When Cadbury’s substituted the usual sensual codes associated with chocolate advertising (a woman in a state of undress, optional dressing gown, obligatory bath with taps running and candles) for a gorilla, some drums and Phil Collins, it was clear that chocolate as a product had transcended conventional advertising.
We (mostly women) no longer needed to be told that a few chunks would send us into a Sophie Dahl Opium-esque yogic bridge of pleasure or that it provided death-defying anti-oxidants as well as life-enhancing endorphins. The benefits of a furtive chunk (or inhalation of an entire bar) speak for themselves.
Chocolate was considered so dangerous a drug that in the 17th-century, Charles II unsuccessfully tried to close down the newly popular chocolate houses which he deemed ‘hotbeds of sedition’.
From its origins in South America, a chocolate beverage mixed with sugar and spices had been the Spanish nobility’s best kept secret for about 100 years until Anne of Austria, daughter of Philip III, introduced it to her new husband, Louis XVIII in France where its reputation as an aphrodisiac was firmly established.
A Jamaican-inspired version took the Spanish version a luxurious step further with the addition of milk, a recipe developed by Hans Sloane who introduced it to the trendy coffee houses of London and where it was bought by the Cadbury brothers.
This seditious drink then wound its way to Vienna and on to the US to be reincarnated in the UK in solid form by J.S. Fry & Sons in 1830. Chocolate had become a confection.
That we can’t get enough of the stuff is never more obvious than at Easter. An estimated 80 million eggs are bought and consumed each year in the UK and the market is thought to be worth a staggering £200 million. How many of us however, have the confidence to resist the temptation of Lindt bunnies and Cadbury’s Creme eggs to make our own?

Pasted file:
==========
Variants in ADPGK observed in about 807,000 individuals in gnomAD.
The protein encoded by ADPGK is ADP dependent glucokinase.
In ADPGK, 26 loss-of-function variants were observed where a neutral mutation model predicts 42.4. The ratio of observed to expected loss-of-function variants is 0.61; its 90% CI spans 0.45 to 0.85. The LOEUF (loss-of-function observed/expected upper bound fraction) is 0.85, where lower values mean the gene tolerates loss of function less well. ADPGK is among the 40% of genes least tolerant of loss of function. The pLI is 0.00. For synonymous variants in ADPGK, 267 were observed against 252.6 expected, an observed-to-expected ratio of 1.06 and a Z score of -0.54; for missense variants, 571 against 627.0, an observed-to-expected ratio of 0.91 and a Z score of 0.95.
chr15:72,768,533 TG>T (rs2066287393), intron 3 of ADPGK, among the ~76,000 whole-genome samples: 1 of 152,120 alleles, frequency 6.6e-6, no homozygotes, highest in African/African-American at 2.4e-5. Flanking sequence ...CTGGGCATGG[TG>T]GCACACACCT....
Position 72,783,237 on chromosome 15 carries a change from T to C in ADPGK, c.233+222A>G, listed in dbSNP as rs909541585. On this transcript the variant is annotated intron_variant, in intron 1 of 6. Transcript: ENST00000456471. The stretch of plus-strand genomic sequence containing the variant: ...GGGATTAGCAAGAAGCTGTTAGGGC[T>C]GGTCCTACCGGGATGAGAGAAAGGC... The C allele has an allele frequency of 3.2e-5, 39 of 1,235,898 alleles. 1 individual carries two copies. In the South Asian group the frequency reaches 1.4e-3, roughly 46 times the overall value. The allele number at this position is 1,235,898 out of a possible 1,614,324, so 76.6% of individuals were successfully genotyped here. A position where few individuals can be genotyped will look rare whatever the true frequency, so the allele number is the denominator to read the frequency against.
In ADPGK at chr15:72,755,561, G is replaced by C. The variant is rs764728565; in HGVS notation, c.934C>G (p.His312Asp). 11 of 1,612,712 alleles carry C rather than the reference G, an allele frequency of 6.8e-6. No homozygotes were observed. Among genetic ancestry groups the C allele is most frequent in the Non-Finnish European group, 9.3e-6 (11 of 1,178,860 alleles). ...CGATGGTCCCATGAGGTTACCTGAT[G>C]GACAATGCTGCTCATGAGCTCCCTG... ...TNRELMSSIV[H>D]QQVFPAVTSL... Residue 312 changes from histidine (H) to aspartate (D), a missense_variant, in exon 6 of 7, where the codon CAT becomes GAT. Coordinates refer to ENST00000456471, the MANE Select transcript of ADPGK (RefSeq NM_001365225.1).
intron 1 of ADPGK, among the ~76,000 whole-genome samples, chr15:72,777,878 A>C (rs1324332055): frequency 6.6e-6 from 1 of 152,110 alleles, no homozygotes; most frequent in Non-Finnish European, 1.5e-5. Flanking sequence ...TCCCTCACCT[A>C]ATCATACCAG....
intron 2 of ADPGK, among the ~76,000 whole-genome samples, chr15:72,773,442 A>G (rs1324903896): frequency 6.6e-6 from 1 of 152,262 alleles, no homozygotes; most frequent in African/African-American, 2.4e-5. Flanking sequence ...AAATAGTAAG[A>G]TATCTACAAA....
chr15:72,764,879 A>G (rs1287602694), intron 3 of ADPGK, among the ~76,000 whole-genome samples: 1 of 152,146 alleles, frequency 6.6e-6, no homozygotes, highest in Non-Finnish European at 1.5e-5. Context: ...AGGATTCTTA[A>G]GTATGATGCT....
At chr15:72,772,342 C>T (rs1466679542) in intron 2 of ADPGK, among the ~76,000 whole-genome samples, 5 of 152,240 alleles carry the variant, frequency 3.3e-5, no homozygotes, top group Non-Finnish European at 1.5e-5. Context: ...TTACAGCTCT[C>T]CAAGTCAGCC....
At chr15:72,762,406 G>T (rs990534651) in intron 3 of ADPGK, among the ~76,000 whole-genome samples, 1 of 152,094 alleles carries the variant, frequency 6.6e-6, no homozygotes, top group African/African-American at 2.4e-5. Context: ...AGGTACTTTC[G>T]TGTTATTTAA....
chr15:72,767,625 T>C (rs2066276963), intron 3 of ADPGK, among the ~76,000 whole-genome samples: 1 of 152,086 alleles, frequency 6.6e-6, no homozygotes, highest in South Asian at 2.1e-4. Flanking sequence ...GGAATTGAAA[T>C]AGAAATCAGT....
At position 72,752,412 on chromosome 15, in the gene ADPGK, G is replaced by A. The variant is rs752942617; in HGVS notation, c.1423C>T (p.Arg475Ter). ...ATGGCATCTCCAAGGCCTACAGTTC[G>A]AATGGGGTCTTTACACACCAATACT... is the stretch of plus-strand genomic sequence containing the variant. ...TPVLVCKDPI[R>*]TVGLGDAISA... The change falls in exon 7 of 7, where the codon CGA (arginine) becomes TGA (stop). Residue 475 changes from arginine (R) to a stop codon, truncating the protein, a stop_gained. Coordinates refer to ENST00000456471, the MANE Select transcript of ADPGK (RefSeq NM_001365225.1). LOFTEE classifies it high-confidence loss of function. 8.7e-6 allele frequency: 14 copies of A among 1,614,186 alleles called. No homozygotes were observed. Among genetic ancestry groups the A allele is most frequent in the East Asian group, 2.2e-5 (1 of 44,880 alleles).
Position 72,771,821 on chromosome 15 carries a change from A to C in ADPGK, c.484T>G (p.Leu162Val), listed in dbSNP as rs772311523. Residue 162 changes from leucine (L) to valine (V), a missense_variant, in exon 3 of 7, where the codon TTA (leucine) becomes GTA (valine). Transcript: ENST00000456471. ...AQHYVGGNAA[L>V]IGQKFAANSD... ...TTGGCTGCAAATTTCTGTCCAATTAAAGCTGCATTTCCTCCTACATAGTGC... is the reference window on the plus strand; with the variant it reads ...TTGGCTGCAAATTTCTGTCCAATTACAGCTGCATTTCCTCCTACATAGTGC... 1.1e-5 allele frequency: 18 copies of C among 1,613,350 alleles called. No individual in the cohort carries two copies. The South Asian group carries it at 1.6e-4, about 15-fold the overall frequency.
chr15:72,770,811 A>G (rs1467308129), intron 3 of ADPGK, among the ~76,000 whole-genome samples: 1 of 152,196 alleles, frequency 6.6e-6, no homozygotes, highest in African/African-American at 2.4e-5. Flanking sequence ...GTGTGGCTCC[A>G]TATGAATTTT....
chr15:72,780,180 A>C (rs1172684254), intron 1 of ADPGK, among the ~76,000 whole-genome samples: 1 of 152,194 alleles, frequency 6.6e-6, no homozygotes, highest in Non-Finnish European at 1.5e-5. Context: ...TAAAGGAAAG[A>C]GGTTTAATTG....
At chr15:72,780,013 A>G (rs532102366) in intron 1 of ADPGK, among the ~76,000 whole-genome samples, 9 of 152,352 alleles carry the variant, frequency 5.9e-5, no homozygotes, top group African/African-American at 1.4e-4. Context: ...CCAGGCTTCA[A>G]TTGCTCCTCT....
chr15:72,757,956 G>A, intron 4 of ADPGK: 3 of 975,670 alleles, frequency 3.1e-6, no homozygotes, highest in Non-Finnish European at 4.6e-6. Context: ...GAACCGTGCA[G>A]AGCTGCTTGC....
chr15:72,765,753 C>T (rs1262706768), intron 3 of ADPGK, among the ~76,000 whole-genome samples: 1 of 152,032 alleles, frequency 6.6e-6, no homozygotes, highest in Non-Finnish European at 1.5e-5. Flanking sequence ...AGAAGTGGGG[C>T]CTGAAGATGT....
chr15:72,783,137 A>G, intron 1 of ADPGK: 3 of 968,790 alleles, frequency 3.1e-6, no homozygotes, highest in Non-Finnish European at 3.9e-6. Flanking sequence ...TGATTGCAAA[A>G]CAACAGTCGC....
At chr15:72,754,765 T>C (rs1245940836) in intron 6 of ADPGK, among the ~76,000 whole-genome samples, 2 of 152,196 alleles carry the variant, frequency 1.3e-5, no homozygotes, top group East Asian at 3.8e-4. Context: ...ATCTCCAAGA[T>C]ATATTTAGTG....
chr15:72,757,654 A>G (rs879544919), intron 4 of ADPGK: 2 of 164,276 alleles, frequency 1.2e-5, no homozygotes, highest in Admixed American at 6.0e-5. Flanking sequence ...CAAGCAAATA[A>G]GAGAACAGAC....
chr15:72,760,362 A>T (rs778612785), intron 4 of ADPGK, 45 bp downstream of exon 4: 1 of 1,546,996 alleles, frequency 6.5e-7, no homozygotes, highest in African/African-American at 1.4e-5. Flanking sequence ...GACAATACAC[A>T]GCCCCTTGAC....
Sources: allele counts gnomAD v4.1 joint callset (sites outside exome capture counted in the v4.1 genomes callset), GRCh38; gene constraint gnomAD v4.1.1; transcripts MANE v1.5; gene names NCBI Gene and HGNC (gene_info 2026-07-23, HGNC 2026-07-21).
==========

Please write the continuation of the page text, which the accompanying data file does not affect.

Not many I would warrant. Why? Because the idea of chocolate tempering can be intimidating. The good news is that you can cheat. Yup. It’s called a ganache. Whereas tempering is more of a science – it requires precise movements, temperature and timing – a ganache is all about three key components: chocolate, cream and heat.
The recipe below is for a cardamon-flavoured ganache but the cardamon could just as easily be substituted for vanilla or alcohol.
Ingredients (should all be at room temperature)
300g Ghana 40% chocolate callets (or small pieces)
150g whipping cream
20g cardamom pods ground in a pestle and mortar (or other flavouring)
42g softened (unsalted) butter
- Boil cream with the cardamom seeds, heat to boiling point and leave for 15 minutes
- Leave to rest for 10 seconds and sieve on to the callets or chocolate pieces
- Gently shake the bowl so that all the chocolate is covered
- Leave for 10 seconds and begin to stir from the middle of the bowl outwards
- Once the ganache is blended together (no lumps) add the butter
- Put cling film over and put in the fridge until it begins to set at the edges
- Pipe or scoop into little chocolates
This recipe is courtesy of a chocolate workshop by Tom and Nicky at nickygrant.com.